Climate change challenge for small Pacific islands
10 April 2007
Climate change challenge for small islands in Pacific
Small islands, including those in the South Pacific, are already experiencing the effects of climate change, according to the latest report from the Intergovernmental Panel on Climate Change (IPCC).
Key findings from the IPCC’s Working Group II chapter on small islands are being released today as part of a worldwide series of regional briefings on the IPCC report about climate change impacts, adaptation, and vulnerability.
Penehuro Lefale, of the New Zealand Meteorological Service (MetService), is one of the lead authors of the small islands chapter. He says the report identifies small islands, including those in the South Pacific, as one of four regions of the world likely to be especially affected by climate change. (The other three regions are: the Arctic, Africa, and Asian megadeltas).
Observed climate trends cited by the small islands chapter include:
- Annual and seasonal ocean surface and island air temperature have increased by 0.6 –1.0oC since 1910 throughout a large part of the region southwest of the South Pacific Convergence Zone
- More hot days and warm nights, and significantly fewer cool days and cold nights, particularly in years after the onset of El Niño, 1961–2003.
- Analyses of satellite and tide gauge data show a maximum rate of sea level rise in the central and eastern Pacific, spreading north and south around the sub-tropical gyres of the Pacific Ocean near 90oE, mostly between 2 and 2.5 mm/year, peaking at over 3mm/year for the period 1950–2000.
Future climate change projections include:
- Increased seasonal surface air temperature ranging from 0.45 to 3.11oC, relative to the baseline period of 1961-1990, by 2100.
- Projected changes in rainfall range from -14.0 to +14.6% by 2100 for the Southern Pacific. More rainfall is projected during summer months, with likelihood of more frequent heavy rainfall events.
- Projected globally averaged sea level rise of 0.19 to 0.58 mm/yr, depending on model assumptions. Models indicate a geographical variation of sea level rise.
- The number of intense cyclones is likely to increase, though the total number of cyclones overall may decrease on a global scale.
“Overall, this assessment confirms and strengthens previous observations reported in earlier IPCC assessments that small islands are highly sensitive to climate change and sea level rise. It found adverse consequences of climate change and variability is already a reality for many inhabitants of small islands”, says Pene Lefale.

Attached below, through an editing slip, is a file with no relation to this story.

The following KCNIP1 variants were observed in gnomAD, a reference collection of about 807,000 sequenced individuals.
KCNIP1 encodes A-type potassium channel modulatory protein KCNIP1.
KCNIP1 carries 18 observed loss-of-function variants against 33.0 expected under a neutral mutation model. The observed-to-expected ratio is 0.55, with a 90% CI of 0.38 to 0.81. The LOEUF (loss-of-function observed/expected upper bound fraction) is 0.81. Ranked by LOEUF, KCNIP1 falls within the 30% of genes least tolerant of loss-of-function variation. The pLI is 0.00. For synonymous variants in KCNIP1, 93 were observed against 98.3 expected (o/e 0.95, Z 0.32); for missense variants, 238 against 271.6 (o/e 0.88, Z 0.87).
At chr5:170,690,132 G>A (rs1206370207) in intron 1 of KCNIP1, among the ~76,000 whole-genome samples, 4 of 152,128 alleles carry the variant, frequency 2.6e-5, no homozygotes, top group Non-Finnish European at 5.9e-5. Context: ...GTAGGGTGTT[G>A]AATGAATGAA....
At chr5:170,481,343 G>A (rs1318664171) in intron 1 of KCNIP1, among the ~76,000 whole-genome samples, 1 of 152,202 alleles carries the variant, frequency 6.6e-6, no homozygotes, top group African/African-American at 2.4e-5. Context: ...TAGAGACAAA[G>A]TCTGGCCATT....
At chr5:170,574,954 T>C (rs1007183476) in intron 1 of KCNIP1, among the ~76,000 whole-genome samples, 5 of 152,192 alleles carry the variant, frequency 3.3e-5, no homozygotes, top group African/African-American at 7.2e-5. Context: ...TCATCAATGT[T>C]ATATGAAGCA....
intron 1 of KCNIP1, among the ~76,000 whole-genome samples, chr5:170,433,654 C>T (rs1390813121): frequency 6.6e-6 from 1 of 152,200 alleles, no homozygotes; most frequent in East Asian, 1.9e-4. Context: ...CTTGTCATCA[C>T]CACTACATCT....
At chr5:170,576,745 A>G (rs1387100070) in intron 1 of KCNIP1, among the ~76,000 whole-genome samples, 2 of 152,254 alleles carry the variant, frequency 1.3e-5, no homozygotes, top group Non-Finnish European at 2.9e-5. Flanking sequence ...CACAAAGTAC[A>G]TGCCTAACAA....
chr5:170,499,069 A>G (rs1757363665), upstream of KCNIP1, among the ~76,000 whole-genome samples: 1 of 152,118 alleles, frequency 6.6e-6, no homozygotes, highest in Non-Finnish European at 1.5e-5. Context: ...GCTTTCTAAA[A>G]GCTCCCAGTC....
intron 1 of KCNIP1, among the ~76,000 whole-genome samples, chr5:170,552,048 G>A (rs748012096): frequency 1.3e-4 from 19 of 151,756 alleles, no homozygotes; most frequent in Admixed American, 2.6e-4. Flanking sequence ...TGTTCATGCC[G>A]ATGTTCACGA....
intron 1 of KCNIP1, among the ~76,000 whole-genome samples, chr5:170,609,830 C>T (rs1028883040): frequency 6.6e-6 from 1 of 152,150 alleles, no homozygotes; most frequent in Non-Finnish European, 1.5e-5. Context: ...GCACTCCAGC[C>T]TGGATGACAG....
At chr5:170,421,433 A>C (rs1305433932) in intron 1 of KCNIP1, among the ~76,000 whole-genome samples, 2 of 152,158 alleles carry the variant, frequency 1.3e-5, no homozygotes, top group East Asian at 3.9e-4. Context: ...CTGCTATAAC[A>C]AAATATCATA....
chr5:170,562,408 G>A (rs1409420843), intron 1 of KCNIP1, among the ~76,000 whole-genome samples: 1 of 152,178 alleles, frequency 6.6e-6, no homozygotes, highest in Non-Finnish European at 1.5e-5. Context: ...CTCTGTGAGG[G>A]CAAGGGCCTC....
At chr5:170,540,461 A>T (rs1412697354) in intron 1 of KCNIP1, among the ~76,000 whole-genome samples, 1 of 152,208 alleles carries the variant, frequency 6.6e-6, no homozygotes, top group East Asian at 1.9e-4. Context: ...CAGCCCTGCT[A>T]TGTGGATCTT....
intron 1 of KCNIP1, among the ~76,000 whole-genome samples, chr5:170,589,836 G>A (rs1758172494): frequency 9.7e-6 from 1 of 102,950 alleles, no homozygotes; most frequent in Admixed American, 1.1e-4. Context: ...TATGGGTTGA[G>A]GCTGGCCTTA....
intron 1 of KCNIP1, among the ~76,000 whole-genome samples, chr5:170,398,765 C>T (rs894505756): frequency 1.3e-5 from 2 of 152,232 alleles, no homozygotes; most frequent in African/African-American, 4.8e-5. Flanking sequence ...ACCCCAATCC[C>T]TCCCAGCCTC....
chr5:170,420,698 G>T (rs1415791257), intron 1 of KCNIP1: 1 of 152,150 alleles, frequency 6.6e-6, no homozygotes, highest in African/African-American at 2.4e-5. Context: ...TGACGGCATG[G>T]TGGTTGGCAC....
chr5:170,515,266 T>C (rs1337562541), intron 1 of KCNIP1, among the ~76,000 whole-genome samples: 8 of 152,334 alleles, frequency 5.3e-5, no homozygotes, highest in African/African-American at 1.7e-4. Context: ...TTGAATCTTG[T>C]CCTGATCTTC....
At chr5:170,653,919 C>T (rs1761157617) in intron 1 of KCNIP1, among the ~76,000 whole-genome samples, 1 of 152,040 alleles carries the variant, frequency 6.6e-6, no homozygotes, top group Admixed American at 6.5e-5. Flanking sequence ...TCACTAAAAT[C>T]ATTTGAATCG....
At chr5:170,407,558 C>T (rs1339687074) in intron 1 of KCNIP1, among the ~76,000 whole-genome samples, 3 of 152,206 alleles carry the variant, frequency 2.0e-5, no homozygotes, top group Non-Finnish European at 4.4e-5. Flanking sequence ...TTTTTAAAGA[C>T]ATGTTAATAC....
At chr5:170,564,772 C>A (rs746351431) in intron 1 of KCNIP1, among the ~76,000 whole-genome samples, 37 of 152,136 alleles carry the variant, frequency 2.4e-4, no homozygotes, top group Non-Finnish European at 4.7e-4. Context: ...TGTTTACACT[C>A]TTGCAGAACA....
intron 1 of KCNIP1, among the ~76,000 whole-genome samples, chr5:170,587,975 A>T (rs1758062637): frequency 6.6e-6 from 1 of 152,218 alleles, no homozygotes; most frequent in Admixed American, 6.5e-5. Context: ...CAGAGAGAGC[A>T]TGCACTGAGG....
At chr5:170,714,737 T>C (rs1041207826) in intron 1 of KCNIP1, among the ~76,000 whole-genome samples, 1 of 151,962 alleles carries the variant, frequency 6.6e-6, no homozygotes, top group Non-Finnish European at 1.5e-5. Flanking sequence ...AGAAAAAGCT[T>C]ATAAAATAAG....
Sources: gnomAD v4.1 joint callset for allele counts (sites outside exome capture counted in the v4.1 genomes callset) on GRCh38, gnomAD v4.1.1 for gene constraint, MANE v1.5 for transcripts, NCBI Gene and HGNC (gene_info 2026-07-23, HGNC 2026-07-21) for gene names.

“Climate change is likely to heavily impact coral reefs, fisheries and other marine-based resources of small islands of the Pacific,” he says. “There is likely to be a decline in the total tuna stocks and a migration of these stocks westwards, both of which will lead to changes in the catch in different islands.”
According to the report, “Sea-level rise is expected to exacerbate inundation, storm surge, erosion, and other coastal hazards, thus threatening vital infrastructure, settlements, and facilities that support the livelihood of island communities.” For example, says Pene Lefale, “international airports on many small islands are mostly sited on or close to the coast, and the main – and often only – road network runs along the coast. Under sea-level rise scenarios, many of them are likely to be at serious risk.”
The report says climate change is expected by mid-century to reduce water resources in many small islands, including those in the Pacific, “to the point where they become insufficient to meet demand during low rainfall periods.”
“We’re also likely to see impacts on other sectors such as food security, human health, insurance, and tourism,” says Lefale. “For example, if the intensity of tropical cyclones increases, a concomitant rise in significant damage to food crops and infrastructure is likely. Tropical Cyclone Ofa in 1990 turned Niue from a food-exporting country to one dependent on imports for the following two years, and Heta in 2004 had an even greater impact on agricultural production in Niue. In the health sector, many small islands currently suffer high health burdens from climate sensitive diseases, including morbidity and mortality from extreme weather events, certain vector borne diseases, food- and water- borne diseases. Increasing temperatures and decreasing water availability due to changes in extreme weather and El Niño Southern Oscillation events may increase burdens of climate sensitive diseases such as diarrhoeal and other infectious diseases in some small islands. With regard to tourism, deterioration in coastal conditions, such as through beach erosion or coral bleaching, is expected to reduce the value of these destinations for tourism.”
“Adapting to climate change is a challenge for many small islands,” he says. “Past studies of adaptation options for small islands have been largely focused on adjustments to sea level rise and storm surges associated with tropical cyclones, with emphasis on protecting land through hard shore protection measures rather than on other measures such as accommodating sea level rise or retreating from it. More recent studies have identified major areas of adaptation, including water resources and water shed management, reef conservation, agricultural and forest management, conservation of biodiversity, energy security, increased development of renewable energy, and optimised energy consumption.”